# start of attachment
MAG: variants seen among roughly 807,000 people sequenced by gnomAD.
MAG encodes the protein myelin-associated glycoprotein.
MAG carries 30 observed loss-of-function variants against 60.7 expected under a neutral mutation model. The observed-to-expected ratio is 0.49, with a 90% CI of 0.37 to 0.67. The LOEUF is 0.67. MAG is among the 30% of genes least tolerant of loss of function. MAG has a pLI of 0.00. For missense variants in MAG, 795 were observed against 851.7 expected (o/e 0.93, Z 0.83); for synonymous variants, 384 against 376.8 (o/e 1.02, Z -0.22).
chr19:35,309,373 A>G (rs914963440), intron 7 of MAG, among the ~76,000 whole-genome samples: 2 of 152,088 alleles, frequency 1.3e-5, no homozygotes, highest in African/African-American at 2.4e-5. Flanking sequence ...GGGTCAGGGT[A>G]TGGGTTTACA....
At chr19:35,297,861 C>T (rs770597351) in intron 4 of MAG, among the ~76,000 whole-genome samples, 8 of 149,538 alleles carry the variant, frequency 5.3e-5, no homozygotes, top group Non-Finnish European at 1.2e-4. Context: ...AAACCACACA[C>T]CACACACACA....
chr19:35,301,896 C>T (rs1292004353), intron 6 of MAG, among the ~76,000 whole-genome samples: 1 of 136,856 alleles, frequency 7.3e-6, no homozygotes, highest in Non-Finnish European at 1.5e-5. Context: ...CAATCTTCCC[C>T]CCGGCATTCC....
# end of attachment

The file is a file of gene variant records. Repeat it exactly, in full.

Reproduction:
MAG: variants seen among roughly 807,000 people sequenced by gnomAD.
MAG encodes the protein myelin-associated glycoprotein.
MAG carries 30 observed loss-of-function variants against 60.7 expected under a neutral mutation model. The observed-to-expected ratio is 0.49, with a 90% CI of 0.37 to 0.67. The LOEUF is 0.67. MAG is among the 30% of genes least tolerant of loss of function. MAG has a pLI of 0.00. For missense variants in MAG, 795 were observed against 851.7 expected (o/e 0.93, Z 0.83); for synonymous variants, 384 against 376.8 (o/e 1.02, Z -0.22).
chr19:35,309,373 A>G (rs914963440), intron 7 of MAG, among the ~76,000 whole-genome samples: 2 of 152,088 alleles, frequency 1.3e-5, no homozygotes, highest in African/African-American at 2.4e-5. Flanking sequence ...GGGTCAGGGT[A>G]TGGGTTTACA....
At chr19:35,297,861 C>T (rs770597351) in intron 4 of MAG, among the ~76,000 whole-genome samples, 8 of 149,538 alleles carry the variant, frequency 5.3e-5, no homozygotes, top group Non-Finnish European at 1.2e-4. Context: ...AAACCACACA[C>T]CACACACACA....
chr19:35,301,896 C>T (rs1292004353), intron 6 of MAG, among the ~76,000 whole-genome samples: 1 of 136,856 alleles, frequency 7.3e-6, no homozygotes, highest in Non-Finnish European at 1.5e-5. Context: ...CAATCTTCCC[C>T]CCGGCATTCC....